What you can do however is describe concepts that you can then make objects from. However, due to the nature of our windowing apis and other ones as well they will restrain you in unexpected ways. This won''t be evident to you at design stage because you lack the api specifics. Even worse, the api changes under your feet invalidating your original design. Completely outside your control in today''s age unless you make everything yourself.

So what you do is describe the few important objects you need and hope that the rest will be discovered at later time when your initial codebase is complete. That is why you need a code design that can grow with you and can adapt w/o you having to recode stuff all the time. Hierarchial design is not good for this because it needs to be well defined upstairs and like I''ve said you won''t discover all your concepts ahead of time and most likely you''ll change your mind along the way thru the years that you''re coding it. Major changes like xforming your first person shooter engine into a vastly outdoors terrain role playing engine and such things. Our taste changes with time because we''re growing mentally.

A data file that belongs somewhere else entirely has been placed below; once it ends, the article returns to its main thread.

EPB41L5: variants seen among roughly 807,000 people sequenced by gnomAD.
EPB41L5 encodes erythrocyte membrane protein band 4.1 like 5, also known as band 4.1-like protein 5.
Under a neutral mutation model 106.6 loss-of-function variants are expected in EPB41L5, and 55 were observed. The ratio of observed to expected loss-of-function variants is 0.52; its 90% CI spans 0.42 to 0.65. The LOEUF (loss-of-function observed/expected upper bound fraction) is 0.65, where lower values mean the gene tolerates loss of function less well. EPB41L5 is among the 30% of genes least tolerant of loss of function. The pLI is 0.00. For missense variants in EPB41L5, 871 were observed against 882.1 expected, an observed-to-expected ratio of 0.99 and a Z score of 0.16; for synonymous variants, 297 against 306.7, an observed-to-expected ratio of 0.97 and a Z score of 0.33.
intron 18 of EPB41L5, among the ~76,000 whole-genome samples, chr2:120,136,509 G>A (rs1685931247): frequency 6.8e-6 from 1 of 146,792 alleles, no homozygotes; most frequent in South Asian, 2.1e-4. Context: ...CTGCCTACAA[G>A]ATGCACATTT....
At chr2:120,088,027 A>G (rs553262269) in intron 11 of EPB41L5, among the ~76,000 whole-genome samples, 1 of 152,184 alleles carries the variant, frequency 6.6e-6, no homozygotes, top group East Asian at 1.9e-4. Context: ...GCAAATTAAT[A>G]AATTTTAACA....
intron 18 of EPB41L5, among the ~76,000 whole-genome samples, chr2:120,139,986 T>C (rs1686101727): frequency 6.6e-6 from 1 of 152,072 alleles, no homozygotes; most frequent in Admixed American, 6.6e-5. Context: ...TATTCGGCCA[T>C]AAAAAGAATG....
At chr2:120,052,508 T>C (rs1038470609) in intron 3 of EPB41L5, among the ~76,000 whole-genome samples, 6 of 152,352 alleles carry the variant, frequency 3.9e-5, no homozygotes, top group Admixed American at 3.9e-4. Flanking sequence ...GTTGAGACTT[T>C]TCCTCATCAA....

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Object-Oriented Design Heuristics by Arthur J. Riel is an excellent book that really help me with some of the issues you are grappling with. I highly reccomend this book.

"Discipline is never an end itself, only a means to an end." - Robert Fripp

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quote:
Original post by Magmai Kai Holmlor
I think the more general term is "analysis paralysis", which applies to other fields of engineering as well.